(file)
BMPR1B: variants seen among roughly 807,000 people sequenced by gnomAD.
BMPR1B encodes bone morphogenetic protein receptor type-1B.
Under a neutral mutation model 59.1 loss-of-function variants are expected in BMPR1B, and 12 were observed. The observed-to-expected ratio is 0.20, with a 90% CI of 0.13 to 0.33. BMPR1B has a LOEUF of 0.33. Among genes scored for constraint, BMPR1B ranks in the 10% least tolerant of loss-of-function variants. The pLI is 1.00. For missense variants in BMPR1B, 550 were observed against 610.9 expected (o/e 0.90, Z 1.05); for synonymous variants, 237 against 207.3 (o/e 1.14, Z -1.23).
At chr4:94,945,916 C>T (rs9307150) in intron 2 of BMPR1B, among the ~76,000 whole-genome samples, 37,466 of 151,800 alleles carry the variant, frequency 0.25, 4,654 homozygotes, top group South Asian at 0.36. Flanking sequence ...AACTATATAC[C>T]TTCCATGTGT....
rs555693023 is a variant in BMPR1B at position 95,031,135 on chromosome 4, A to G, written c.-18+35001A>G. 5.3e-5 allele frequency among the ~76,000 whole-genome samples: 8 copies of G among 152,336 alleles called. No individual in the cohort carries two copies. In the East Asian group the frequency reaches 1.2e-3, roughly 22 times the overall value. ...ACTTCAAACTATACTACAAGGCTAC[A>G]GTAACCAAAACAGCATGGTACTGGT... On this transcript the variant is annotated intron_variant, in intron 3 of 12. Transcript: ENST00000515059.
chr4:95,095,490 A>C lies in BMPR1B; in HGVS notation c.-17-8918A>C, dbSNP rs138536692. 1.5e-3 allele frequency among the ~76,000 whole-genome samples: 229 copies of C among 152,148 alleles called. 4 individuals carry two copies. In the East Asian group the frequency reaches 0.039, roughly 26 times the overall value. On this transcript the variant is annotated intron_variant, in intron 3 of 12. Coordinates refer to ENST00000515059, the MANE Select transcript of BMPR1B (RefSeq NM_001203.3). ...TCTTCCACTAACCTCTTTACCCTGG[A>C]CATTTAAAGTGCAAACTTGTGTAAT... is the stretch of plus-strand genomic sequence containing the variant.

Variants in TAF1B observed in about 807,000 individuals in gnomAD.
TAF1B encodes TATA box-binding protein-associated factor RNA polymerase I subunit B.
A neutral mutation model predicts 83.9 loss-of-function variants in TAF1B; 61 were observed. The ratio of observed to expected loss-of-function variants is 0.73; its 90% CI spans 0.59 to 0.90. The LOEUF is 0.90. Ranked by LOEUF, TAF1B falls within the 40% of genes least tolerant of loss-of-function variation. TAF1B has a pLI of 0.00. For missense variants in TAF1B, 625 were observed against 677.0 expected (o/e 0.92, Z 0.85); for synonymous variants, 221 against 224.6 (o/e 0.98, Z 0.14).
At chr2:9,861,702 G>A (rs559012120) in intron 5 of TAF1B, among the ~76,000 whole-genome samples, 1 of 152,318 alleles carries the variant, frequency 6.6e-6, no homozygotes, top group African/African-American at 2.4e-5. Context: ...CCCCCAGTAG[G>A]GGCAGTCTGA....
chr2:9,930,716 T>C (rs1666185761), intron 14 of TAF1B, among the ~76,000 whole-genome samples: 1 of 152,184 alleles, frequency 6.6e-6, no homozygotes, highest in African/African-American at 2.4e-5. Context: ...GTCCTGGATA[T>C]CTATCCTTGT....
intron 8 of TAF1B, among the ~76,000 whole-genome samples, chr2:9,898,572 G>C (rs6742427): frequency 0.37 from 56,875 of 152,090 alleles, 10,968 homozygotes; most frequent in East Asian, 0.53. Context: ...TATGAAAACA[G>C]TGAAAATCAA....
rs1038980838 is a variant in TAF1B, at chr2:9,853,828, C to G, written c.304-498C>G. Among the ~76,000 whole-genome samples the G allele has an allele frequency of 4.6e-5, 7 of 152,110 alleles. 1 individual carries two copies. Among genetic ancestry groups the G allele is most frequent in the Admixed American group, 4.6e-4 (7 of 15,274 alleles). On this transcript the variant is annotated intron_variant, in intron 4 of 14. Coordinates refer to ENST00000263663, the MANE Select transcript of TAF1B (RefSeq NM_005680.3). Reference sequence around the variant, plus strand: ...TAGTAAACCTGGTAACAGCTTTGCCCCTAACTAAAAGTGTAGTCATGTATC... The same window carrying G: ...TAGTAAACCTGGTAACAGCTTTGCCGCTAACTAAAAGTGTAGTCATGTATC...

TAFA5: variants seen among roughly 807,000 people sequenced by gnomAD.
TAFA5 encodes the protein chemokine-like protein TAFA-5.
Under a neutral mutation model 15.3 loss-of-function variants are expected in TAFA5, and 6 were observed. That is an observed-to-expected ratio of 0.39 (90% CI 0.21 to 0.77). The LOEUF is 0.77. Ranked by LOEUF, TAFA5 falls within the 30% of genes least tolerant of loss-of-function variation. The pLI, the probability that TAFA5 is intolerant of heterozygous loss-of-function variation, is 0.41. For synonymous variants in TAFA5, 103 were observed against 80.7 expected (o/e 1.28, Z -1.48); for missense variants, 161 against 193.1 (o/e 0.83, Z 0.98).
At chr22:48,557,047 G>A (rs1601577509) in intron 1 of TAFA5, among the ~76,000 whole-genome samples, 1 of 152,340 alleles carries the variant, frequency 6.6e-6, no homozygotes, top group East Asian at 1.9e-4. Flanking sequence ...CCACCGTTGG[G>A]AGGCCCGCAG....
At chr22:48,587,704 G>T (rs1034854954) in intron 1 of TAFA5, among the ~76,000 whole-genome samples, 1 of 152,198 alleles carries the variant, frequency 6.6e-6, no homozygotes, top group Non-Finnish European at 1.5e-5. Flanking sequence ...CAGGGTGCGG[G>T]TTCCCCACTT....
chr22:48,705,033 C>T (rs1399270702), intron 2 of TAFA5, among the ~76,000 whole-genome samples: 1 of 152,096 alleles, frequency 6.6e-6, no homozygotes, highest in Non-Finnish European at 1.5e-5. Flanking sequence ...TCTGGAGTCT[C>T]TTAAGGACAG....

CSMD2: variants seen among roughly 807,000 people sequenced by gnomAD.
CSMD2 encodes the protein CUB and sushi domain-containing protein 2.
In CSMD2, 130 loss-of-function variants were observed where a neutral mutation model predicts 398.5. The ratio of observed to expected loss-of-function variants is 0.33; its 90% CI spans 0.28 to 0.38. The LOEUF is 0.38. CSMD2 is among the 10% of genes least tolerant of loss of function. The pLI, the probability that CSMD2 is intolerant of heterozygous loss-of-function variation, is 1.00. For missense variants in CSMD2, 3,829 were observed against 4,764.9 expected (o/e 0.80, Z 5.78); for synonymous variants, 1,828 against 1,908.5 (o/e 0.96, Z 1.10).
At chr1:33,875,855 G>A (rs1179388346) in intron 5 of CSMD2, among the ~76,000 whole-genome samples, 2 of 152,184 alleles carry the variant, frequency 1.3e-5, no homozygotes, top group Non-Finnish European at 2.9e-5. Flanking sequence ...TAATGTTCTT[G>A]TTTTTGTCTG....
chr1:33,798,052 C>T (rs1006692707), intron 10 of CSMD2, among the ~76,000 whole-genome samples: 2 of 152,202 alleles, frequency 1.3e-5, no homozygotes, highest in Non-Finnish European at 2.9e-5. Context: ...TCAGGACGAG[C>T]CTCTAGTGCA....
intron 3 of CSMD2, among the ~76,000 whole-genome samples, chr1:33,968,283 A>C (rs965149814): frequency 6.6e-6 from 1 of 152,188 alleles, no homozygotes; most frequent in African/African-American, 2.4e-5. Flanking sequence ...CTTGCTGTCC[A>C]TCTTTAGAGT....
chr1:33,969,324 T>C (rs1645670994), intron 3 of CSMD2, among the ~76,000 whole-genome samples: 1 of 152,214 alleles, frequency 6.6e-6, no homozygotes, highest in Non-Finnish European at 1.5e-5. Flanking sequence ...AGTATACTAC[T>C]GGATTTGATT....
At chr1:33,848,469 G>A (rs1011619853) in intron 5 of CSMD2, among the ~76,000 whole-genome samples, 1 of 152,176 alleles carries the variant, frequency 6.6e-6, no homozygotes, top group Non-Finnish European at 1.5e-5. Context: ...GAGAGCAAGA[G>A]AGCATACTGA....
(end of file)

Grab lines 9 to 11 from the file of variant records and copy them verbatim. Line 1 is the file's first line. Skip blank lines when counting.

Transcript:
A neutral mutation model predicts 83.9 loss-of-function variants in TAF1B; 61 were observed. The ratio of observed to expected loss-of-function variants is 0.73; its 90% CI spans 0.59 to 0.90. The LOEUF is 0.90. Ranked by LOEUF, TAF1B falls within the 40% of genes least tolerant of loss-of-function variation. TAF1B has a pLI of 0.00. For missense variants in TAF1B, 625 were observed against 677.0 expected (o/e 0.92, Z 0.85); for synonymous variants, 221 against 224.6 (o/e 0.98, Z 0.14).
At chr2:9,861,702 G>A (rs559012120) in intron 5 of TAF1B, among the ~76,000 whole-genome samples, 1 of 152,318 alleles carries the variant, frequency 6.6e-6, no homozygotes, top group African/African-American at 2.4e-5. Context: ...CCCCCAGTAG[G>A]GGCAGTCTGA....
chr2:9,930,716 T>C (rs1666185761), intron 14 of TAF1B, among the ~76,000 whole-genome samples: 1 of 152,184 alleles, frequency 6.6e-6, no homozygotes, highest in African/African-American at 2.4e-5. Context: ...GTCCTGGATA[T>C]CTATCCTTGT....